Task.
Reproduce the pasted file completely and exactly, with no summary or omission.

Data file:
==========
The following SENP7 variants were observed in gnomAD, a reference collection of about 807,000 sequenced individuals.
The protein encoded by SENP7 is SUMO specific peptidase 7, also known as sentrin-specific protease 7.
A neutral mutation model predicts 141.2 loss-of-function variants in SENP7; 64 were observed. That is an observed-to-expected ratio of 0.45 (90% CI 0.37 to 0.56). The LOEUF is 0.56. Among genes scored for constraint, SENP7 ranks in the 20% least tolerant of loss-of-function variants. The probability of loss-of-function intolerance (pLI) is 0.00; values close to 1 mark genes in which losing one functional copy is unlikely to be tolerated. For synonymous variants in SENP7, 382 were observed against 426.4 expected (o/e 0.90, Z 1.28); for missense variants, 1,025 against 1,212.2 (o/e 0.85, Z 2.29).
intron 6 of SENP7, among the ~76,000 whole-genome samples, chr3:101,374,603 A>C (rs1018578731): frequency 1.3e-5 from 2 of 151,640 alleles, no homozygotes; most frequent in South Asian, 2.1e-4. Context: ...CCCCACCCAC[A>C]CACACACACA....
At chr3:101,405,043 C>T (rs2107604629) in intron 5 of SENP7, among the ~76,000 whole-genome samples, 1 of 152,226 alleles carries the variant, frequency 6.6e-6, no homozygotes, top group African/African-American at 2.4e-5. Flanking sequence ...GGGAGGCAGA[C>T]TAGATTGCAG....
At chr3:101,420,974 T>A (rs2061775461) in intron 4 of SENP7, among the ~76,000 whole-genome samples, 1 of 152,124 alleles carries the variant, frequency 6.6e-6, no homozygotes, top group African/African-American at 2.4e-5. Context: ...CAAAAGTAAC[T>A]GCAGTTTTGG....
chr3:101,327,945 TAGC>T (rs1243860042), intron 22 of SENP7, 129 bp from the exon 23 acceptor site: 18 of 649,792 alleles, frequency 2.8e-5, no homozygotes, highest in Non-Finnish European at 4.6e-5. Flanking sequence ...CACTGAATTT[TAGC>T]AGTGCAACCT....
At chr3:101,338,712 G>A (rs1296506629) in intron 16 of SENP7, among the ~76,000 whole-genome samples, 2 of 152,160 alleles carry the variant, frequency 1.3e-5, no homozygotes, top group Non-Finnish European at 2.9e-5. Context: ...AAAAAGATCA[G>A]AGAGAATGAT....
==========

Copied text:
The following SENP7 variants were observed in gnomAD, a reference collection of about 807,000 sequenced individuals.
The protein encoded by SENP7 is SUMO specific peptidase 7, also known as sentrin-specific protease 7.
A neutral mutation model predicts 141.2 loss-of-function variants in SENP7; 64 were observed. That is an observed-to-expected ratio of 0.45 (90% CI 0.37 to 0.56). The LOEUF is 0.56. Among genes scored for constraint, SENP7 ranks in the 20% least tolerant of loss-of-function variants. The probability of loss-of-function intolerance (pLI) is 0.00; values close to 1 mark genes in which losing one functional copy is unlikely to be tolerated. For synonymous variants in SENP7, 382 were observed against 426.4 expected (o/e 0.90, Z 1.28); for missense variants, 1,025 against 1,212.2 (o/e 0.85, Z 2.29).
intron 6 of SENP7, among the ~76,000 whole-genome samples, chr3:101,374,603 A>C (rs1018578731): frequency 1.3e-5 from 2 of 151,640 alleles, no homozygotes; most frequent in South Asian, 2.1e-4. Context: ...CCCCACCCAC[A>C]CACACACACA....
At chr3:101,405,043 C>T (rs2107604629) in intron 5 of SENP7, among the ~76,000 whole-genome samples, 1 of 152,226 alleles carries the variant, frequency 6.6e-6, no homozygotes, top group African/African-American at 2.4e-5. Flanking sequence ...GGGAGGCAGA[C>T]TAGATTGCAG....
At chr3:101,420,974 T>A (rs2061775461) in intron 4 of SENP7, among the ~76,000 whole-genome samples, 1 of 152,124 alleles carries the variant, frequency 6.6e-6, no homozygotes, top group African/African-American at 2.4e-5. Context: ...CAAAAGTAAC[T>A]GCAGTTTTGG....
chr3:101,327,945 TAGC>T (rs1243860042), intron 22 of SENP7, 129 bp from the exon 23 acceptor site: 18 of 649,792 alleles, frequency 2.8e-5, no homozygotes, highest in Non-Finnish European at 4.6e-5. Flanking sequence ...CACTGAATTT[TAGC>T]AGTGCAACCT....
At chr3:101,338,712 G>A (rs1296506629) in intron 16 of SENP7, among the ~76,000 whole-genome samples, 2 of 152,160 alleles carry the variant, frequency 1.3e-5, no homozygotes, top group Non-Finnish European at 2.9e-5. Context: ...AAAAAGATCA[G>A]AGAGAATGAT....